Girls with Rett Syndrome appear to develop normally until 6 to 18 months of age. They then enter a period of regression, losing speech and hand skills they had acquired. Most girls develop seizures, repetitive hand movements, irregular breathing and motor-control problems. A slowing of the rate of head growth also
becomes apparent. Most researchers agree that RS is a developmental disorder rather than a progressive, degenerative disorder. The girls can live to adulthood, but most never regain the ability to use their hands or to speak.


All of the following: (a) apparently normal prenatal and perinatal development
(b) apparently normal psychomotor development through the first 5_months after birth
(c) normal head circumference at birth

Onset of all of the following after the period of normal development: (a) deceleration of head growth between ages 5 and 48 months
(b) loss of previously acquired purposeful hand skills between ages 5 and 30 months with the subsequent development of stereotyped hand movements (e.g., hand-wringing or hand washing)
(c) loss of social engagement early in the course (although often social interaction develops later)
(d) appearance of poorly coordinated gait or trunk movements
(e) severely impaired expressive and receptive language development with severe psychomotor retardation


Symptoms not required for the diagnosis, but which also may be seen. These features may not be observed in the young girl but may evolve with age.
Breathing dysfunctions which include breath holding or apnea, hyperventilation and air swallowing which may result in abdominal bloating and distention
EEG abnormalities -- slowing of normal electrical patterns, the appearance of epileptiform patterns and loss of normal sleep characteristics
Muscle rigidity/spasticity/joint contractures which increase with age
Scoliosis (curvature of the spine)
Teeth grinding (bruxism)
Small feet ( in relationship to stature)
Growth retardation
Decreased body fat and muscle mass (but tendency toward obesity in some adults)
Abnormal sleep patterns and irritability or agitation
Chewing and/or swallowing difficulties
Poor circulation of the lower extremities, cold and bluish-red feet and legs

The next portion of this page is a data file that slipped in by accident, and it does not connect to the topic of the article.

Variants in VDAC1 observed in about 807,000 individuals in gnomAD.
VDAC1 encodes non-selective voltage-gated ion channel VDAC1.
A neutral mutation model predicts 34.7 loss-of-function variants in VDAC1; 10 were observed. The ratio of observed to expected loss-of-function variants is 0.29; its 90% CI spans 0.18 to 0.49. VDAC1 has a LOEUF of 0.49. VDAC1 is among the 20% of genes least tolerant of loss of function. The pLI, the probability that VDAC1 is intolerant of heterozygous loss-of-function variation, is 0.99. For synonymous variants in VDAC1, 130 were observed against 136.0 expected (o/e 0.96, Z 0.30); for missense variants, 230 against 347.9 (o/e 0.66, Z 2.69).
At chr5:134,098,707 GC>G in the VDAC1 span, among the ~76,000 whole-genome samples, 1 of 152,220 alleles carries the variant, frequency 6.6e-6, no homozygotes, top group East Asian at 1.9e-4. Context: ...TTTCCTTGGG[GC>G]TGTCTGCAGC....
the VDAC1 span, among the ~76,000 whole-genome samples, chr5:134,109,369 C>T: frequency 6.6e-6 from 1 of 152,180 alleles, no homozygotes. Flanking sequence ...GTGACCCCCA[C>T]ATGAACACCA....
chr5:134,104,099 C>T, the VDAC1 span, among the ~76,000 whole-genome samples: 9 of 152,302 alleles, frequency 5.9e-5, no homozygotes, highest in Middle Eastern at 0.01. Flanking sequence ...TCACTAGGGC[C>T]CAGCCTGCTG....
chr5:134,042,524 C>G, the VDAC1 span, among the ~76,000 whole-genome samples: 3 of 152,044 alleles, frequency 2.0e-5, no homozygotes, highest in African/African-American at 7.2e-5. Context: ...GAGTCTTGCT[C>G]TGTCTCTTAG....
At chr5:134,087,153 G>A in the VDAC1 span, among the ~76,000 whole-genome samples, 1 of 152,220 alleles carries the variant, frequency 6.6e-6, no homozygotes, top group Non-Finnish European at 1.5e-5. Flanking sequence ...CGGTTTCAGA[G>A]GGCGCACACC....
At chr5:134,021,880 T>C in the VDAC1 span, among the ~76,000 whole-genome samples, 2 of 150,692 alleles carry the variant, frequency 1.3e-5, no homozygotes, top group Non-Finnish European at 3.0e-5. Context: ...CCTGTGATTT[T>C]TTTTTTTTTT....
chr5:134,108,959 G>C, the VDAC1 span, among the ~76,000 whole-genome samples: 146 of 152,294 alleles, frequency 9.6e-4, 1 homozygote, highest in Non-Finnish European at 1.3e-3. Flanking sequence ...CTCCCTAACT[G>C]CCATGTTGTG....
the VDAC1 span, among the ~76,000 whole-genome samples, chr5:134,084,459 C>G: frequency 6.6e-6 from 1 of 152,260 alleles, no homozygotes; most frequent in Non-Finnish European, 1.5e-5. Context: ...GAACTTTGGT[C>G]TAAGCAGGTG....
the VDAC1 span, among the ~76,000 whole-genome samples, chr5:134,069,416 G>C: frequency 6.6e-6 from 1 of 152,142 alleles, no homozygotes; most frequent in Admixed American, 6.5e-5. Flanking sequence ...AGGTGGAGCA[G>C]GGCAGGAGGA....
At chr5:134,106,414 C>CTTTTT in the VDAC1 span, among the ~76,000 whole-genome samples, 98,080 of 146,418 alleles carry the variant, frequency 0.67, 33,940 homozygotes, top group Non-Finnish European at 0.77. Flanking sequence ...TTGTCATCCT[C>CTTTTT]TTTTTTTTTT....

Decreased mobility with age

All girls and women with RS do not display all of these symptoms, and individual symptoms may vary in severity. A pediatric neurologist or developmental pediatrician should be consulted to confirm the clinical diagnosis.

NINDS Rett Syndrome Information Page
Manitoba Rett Syndrome Association
Rett Syndrome Fact Sheet
General Health Encyclopedia: Rett Syndrome
Rett Disorder/Syndrome
Family Village
Link Between Autism and Rett Disorder Found
Rett Disorder and the Developing Brain
Club Rett: Yahoo! Group for adults 


Childhood Disintegrative Disorder (also known as Heller's Syndrome) is a condition in which a child develops normally for 2 years, then begins to lose ground. Previous gains in language and social skills, motor abilities, play, and even in continence are eroded.  For more information, click here.

Diagnostic criteria for 299.10 Childhood Disintegrative Disorder

 A.    Apparently normal development for at least the first 2 years after birth 
           as manifested by the presence of age- appropriate verbal and nonverbal 
           communication, social relationships, play, and adaptive behavior.

 B.   Clinically significant loss of previously acquired skills (before age 10 years) 
           in at least two of the following areas:

          (1) expressive or receptive language
          (2) social skills or adaptive behavior
          (3) bowel or bladder control
          (4) play
          (5) motor skills

C.   Abnormalities of functioning in at least two of the following areas:

         (1)  Qualitative impairment in social interaction